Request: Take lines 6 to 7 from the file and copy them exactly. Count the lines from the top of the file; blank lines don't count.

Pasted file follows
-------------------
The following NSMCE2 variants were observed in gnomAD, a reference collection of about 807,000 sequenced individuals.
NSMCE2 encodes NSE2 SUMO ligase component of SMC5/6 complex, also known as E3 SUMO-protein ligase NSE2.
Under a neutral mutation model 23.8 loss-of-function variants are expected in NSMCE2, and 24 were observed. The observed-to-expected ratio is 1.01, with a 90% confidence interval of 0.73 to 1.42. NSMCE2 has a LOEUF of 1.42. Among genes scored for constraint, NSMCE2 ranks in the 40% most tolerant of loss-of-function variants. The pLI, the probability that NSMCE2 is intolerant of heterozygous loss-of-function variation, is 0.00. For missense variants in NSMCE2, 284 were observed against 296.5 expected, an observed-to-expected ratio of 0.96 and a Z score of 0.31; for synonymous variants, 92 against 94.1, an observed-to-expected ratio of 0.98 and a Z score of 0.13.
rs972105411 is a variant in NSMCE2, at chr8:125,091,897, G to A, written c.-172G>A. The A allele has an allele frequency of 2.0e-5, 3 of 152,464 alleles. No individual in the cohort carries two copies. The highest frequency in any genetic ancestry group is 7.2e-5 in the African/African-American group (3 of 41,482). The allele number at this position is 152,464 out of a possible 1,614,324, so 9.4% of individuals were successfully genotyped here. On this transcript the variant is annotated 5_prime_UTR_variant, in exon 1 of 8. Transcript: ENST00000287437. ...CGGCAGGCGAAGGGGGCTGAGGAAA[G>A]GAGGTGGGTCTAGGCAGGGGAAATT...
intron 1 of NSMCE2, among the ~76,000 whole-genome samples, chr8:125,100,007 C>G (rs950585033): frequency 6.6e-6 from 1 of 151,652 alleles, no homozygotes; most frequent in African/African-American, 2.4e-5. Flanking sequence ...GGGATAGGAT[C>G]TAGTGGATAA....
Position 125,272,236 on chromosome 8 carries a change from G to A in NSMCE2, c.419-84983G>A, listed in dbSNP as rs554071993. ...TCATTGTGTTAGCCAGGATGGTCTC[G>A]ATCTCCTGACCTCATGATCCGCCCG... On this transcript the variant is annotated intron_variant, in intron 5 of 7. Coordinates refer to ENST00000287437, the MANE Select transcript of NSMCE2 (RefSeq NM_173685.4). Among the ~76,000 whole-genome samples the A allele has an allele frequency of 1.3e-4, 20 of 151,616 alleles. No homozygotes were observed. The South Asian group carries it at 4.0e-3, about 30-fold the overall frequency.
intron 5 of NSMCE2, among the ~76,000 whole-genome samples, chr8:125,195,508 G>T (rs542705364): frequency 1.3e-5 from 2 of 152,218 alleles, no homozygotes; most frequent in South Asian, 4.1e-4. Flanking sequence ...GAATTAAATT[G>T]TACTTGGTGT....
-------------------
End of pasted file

Position 125,272,236 on chromosome 8 carries a change from G to A in NSMCE2, c.419-84983G>A, listed in dbSNP as rs554071993. ...TCATTGTGTTAGCCAGGATGGTCTC[G>A]ATCTCCTGACCTCATGATCCGCCCG... On this transcript the variant is annotated intron_variant, in intron 5 of 7. Coordinates refer to ENST00000287437, the MANE Select transcript of NSMCE2 (RefSeq NM_173685.4). Among the ~76,000 whole-genome samples the A allele has an allele frequency of 1.3e-4, 20 of 151,616 alleles. No homozygotes were observed. The South Asian group carries it at 4.0e-3, about 30-fold the overall frequency.
intron 5 of NSMCE2, among the ~76,000 whole-genome samples, chr8:125,195,508 G>T (rs542705364): frequency 1.3e-5 from 2 of 152,218 alleles, no homozygotes; most frequent in South Asian, 4.1e-4. Flanking sequence ...GAATTAAATT[G>T]TACTTGGTGT....